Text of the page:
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Naxos is the largest and the greenest island in the Cyclades with impressively high mountains, fertile valleys, lush green gorges, stunning seascapes and traditional villages perched high on mountain tops, where the inhabitants still wear their traditional dress and live off the fruits of the land! Nàxos is also an island of beautiful old churches, monasteries and Venetian castles that coexist harmoniously with the cuboid Cycladic houses.








The stark white Hora of Naxos welcomes travellers arriving on the island. Beside the port, on the islet of Palatia, stands the most famous sight on the island, “Portara”, the marble gate of an unfinished temple dedicated to Apollo. According to legend, it was on this island that Theseus abandoned Ariadne.
Hora, the island’s capital, has all the typical Cycladic features, as well as many monuments from various chronological periods. The heart of the city beats in Palia Hora, the castle-town with lanes and the Venetian castle. The houses with Venetian coats of arms decorating their entrances to this day, the narrow, covered lanes, Catholic churches and fortifications create a unique harmonization of Cycladic and medieval architecture. Inside the castle is the Archaeological Museum with its rich exhibits from the Late Neolithic to the Early Christian periods, with the outstanding collection of Cycladic statuettes stealing the show.
Owing to the high relief and size of Naxos, a number of different ecosystems have evolved, which one can learn by following the marked paths to every corner of the island.
Zas, the highest mountain in the Cyclades (alt. 1004 m.), and Fanari (alt. 908 m.) offer special experiences to friends of mountain-climbing and mountain-bicycling. Ascending Zas requires a stop in the cave of the same name, at an altitude of 628 m., to gaze at the magnificent stalagmites, where Zeus was worshipped in ancient times.
Points of reference in touring the island include the beautiful traditional Naxian villages. They include superb Apeiranthos, untouched by time, with stone houses, lovely squares, narrow lanes paved with marble, and a long intellectual and artistic tradition (five museums!) very near the Panagia Drosiani (7th cent.) one of the most beautiful churches in Greece. Another is Philoti, a most graphic mountain village built on the slope of the Zas range at an altitude of 400 m., with cuboid cottages and narrow paved lanes, surrounded by dense vegetation. Nearby is the Panagia Protothroni (Our Lady of the First Throne), 9th-10th cent., the largest Byzantine church on Naxos, with exceptional wall paintings. Be sure to visit Sagri, the village that consists of three communities (Ano, Kato and Kanakari) with Venetian towers and traditional windmills. The plain of Kato Sagri is called “Little Mystras” because of its many Byzantine churches, the most important of which is Agios Mamas (9th cent.). Near Sagri is also the temple of Demeter and Apollo (on Gyroula hill), built entirely of white marble in the 6th cent. BC).
The landscape of Naxos is dotted with many towers, testifying to the Venetian presence on the island, as Naxos was once the seat of the Duchy of the Aegean.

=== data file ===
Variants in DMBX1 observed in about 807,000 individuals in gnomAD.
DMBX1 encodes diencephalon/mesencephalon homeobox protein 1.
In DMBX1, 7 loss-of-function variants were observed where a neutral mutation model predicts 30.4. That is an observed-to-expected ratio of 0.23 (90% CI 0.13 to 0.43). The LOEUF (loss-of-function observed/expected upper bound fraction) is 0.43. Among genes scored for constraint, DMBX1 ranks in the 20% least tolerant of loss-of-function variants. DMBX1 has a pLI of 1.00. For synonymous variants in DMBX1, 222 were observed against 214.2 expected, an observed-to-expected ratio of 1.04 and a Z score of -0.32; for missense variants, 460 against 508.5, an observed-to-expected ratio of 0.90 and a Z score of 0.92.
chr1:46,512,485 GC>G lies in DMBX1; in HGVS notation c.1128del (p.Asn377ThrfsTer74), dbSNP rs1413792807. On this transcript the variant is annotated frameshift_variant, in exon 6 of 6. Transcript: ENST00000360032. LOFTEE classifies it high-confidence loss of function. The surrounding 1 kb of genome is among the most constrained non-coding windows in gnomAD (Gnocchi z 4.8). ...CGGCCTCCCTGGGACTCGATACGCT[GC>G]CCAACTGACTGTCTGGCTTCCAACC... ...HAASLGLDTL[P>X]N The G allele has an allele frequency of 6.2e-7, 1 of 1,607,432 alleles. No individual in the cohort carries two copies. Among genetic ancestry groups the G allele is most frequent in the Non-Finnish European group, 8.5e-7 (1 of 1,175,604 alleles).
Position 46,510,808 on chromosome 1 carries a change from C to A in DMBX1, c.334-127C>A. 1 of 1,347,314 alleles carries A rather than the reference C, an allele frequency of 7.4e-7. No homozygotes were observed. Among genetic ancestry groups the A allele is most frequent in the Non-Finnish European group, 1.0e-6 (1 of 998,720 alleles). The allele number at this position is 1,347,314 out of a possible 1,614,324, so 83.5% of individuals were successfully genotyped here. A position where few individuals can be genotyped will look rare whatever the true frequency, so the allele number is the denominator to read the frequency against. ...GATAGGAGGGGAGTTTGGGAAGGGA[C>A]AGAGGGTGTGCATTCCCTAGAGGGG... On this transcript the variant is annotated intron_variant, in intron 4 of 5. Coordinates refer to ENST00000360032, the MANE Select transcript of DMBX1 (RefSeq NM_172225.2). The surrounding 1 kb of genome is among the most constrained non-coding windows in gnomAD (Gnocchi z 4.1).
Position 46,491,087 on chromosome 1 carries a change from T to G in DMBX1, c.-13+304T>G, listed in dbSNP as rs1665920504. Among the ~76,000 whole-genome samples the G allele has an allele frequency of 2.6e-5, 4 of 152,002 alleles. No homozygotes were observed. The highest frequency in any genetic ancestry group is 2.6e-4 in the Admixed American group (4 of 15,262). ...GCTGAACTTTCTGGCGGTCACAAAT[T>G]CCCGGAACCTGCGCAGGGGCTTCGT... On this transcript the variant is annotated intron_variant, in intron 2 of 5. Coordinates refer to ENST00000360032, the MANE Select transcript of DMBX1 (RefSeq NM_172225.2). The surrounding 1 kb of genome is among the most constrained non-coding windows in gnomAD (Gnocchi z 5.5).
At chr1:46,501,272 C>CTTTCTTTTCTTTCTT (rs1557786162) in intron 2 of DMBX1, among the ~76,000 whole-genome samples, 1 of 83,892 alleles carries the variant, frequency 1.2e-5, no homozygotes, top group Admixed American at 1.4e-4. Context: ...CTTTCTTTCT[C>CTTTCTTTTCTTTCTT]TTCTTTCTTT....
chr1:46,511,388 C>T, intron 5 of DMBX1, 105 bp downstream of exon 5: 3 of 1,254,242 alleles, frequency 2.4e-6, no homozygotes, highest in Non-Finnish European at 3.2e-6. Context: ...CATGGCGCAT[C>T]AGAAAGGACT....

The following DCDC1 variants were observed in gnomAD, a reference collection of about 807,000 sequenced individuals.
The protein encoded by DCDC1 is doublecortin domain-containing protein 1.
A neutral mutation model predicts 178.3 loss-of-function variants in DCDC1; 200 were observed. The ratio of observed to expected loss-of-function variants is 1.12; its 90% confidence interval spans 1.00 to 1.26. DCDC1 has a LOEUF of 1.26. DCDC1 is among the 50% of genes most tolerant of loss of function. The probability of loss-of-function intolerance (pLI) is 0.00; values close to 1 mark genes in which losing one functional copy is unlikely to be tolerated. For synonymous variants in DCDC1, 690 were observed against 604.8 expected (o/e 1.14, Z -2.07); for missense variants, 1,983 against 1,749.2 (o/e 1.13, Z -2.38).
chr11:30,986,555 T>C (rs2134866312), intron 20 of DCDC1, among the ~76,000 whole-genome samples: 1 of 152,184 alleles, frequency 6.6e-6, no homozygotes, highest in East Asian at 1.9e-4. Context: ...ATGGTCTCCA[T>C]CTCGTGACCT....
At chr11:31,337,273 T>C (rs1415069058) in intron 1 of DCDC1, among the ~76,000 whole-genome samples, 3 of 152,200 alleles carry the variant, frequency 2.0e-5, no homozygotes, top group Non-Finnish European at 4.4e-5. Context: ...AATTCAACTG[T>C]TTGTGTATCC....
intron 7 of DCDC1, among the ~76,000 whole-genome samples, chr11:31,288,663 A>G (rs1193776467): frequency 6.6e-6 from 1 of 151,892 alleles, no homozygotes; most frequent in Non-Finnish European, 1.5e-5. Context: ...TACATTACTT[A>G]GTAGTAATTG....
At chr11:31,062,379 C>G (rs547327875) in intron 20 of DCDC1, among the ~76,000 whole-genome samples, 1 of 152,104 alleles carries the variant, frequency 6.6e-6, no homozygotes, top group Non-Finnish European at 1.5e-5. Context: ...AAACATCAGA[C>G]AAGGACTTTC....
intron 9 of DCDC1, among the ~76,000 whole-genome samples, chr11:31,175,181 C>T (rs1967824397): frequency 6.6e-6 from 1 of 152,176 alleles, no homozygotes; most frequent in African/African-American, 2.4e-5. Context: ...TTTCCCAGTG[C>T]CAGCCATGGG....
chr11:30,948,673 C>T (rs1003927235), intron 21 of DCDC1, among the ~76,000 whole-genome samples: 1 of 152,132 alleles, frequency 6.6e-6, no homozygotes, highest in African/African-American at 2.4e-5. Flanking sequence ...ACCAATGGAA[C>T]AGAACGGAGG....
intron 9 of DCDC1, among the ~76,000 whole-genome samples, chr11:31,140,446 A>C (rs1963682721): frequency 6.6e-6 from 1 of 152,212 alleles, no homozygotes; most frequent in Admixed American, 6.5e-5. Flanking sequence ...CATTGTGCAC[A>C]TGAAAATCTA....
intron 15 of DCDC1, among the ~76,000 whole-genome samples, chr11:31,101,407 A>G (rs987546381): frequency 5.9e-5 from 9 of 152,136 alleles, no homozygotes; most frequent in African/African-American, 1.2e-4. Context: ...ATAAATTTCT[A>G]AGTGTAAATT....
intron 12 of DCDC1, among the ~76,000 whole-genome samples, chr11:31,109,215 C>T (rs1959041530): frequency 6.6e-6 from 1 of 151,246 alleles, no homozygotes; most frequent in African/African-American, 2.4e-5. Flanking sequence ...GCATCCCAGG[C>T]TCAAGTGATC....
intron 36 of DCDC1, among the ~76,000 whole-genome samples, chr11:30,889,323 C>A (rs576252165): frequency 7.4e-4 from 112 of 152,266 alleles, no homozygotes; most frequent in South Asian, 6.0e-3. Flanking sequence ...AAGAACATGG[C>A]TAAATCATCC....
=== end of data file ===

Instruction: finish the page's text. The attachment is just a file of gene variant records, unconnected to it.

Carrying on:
Naxian products have gained a place of their own in Greek cooking. Its fine cheeses, with graviera the most popular, together with other Naxos cheeses, its aromatic olive oil, famous Naxos potatoes, spoon sweets and the famed local liqueurs, or Naxos wine, the “nectar of the gods” which, according to tradition, flowed from a specific spring on Naxos.
An island with intense cultural activity, Naxos is distinguished for the many alternatives it offers, with traditional festivals and cultural events marking one’s stay on the island.
The dozens of beaches on Naxos compete in terms of their beauty, and travellers can always find the one that suits them best. For example:
- The beach with most Greek and international distinctions is that of Agios Prokopios, just 4 km. from the island’s port.
- The legendary beach of Agia Anna, the physical continuation of the beach of Agios Prokopios, is one of the most famous beaches on Naxos.
- The beach of Agios Georgios, which is very close to Hora, has been awarded the “blue flag”, and is the best choice for those who don’t want to move around much.
- Plaka was the favourite beach of the hippies in the 1960s and 70s. Today it is still one of the most beautiful and popular beaches on Naxos.
- Orkos: On the southwest coast of Naxos, between the beaches of Plaka and Mikri Vigla, there are small continuous inlets that constitute Orkos.
- Mikri Vigla, as can be guessed from its name in Greek (vigla = observation point) was, during the period of Frankish rule, a lookout from which pirates could be spotted approaching the island.
- Glyfada is a huge sandy beach on the southwest coast of the island.
- Kastraki is a small bay behind the peninsula of Mikri Vigla.
- On the peninsula of Alyko, below the cedar forest, small inlets are created that host beautiful sandy beaches with azure waters.
- Agiassos, a beautiful beach with fine sand and shallow crystal waters, extends for 750 meters along the southwest coast of the island and remains one of the island’s pristine beaches.
- Kalantos: a beautiful beach at the southernmost tip of the island. It is protected from the winds, on the edge of the bay of the same name, with a lovely sandy beach and crystal clear shallow water.
- Panermos: protected in a closed bay on the southeast coast of the island, it is almost always windless, and has a small pier and sand with transparent water.
- Moutsouna: two lovely beaches with fine sand and transparent shallow water, idea for families with small children.

Source: naxos.gr